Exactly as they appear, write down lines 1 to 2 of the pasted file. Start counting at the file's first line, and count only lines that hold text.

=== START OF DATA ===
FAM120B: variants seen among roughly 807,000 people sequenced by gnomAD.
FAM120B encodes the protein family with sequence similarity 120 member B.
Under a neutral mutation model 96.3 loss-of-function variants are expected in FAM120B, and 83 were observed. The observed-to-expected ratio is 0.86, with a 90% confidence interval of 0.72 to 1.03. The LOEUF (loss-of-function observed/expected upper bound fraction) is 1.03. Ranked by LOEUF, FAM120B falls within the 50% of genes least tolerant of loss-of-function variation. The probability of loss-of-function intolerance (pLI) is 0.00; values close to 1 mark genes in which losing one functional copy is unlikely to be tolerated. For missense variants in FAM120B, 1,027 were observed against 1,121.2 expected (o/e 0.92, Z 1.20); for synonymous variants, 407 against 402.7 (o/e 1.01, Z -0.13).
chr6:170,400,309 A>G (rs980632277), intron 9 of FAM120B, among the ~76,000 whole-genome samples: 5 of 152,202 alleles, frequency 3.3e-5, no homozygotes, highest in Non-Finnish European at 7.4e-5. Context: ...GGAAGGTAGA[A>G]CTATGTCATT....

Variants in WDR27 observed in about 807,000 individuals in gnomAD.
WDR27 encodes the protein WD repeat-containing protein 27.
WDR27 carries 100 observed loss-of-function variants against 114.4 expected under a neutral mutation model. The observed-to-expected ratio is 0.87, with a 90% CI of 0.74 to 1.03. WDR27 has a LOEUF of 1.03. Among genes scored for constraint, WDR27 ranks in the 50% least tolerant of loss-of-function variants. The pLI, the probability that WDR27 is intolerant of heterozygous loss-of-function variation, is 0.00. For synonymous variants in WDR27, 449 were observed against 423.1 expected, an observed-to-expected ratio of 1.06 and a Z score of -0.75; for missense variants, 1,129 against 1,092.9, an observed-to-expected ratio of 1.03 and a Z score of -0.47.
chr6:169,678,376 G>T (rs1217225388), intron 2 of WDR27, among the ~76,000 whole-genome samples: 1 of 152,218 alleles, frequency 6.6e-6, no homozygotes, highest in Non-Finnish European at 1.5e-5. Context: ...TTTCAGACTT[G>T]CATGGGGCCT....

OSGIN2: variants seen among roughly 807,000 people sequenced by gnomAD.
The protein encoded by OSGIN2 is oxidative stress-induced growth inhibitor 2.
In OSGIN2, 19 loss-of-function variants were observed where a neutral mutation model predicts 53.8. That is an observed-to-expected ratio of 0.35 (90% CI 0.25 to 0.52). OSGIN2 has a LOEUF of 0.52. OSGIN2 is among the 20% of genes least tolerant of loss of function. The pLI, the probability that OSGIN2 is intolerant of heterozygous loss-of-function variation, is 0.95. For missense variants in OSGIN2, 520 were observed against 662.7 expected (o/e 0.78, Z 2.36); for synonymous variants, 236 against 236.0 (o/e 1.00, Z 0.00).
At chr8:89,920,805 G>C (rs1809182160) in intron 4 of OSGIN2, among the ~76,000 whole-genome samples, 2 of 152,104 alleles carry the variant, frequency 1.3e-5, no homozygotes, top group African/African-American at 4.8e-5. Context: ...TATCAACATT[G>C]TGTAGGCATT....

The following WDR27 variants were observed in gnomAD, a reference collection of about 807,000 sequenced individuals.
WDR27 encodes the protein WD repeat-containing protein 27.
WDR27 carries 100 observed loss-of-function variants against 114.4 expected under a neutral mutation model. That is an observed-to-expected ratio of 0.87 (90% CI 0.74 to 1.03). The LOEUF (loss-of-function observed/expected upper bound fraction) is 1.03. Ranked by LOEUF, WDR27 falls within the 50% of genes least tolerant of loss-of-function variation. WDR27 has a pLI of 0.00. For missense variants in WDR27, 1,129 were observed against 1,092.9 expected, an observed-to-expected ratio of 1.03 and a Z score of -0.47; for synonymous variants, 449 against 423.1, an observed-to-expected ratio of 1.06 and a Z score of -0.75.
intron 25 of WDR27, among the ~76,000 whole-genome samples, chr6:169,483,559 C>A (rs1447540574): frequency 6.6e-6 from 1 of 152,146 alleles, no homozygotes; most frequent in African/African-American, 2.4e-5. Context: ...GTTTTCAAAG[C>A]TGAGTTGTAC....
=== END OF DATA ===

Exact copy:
FAM120B: variants seen among roughly 807,000 people sequenced by gnomAD.
FAM120B encodes the protein family with sequence similarity 120 member B.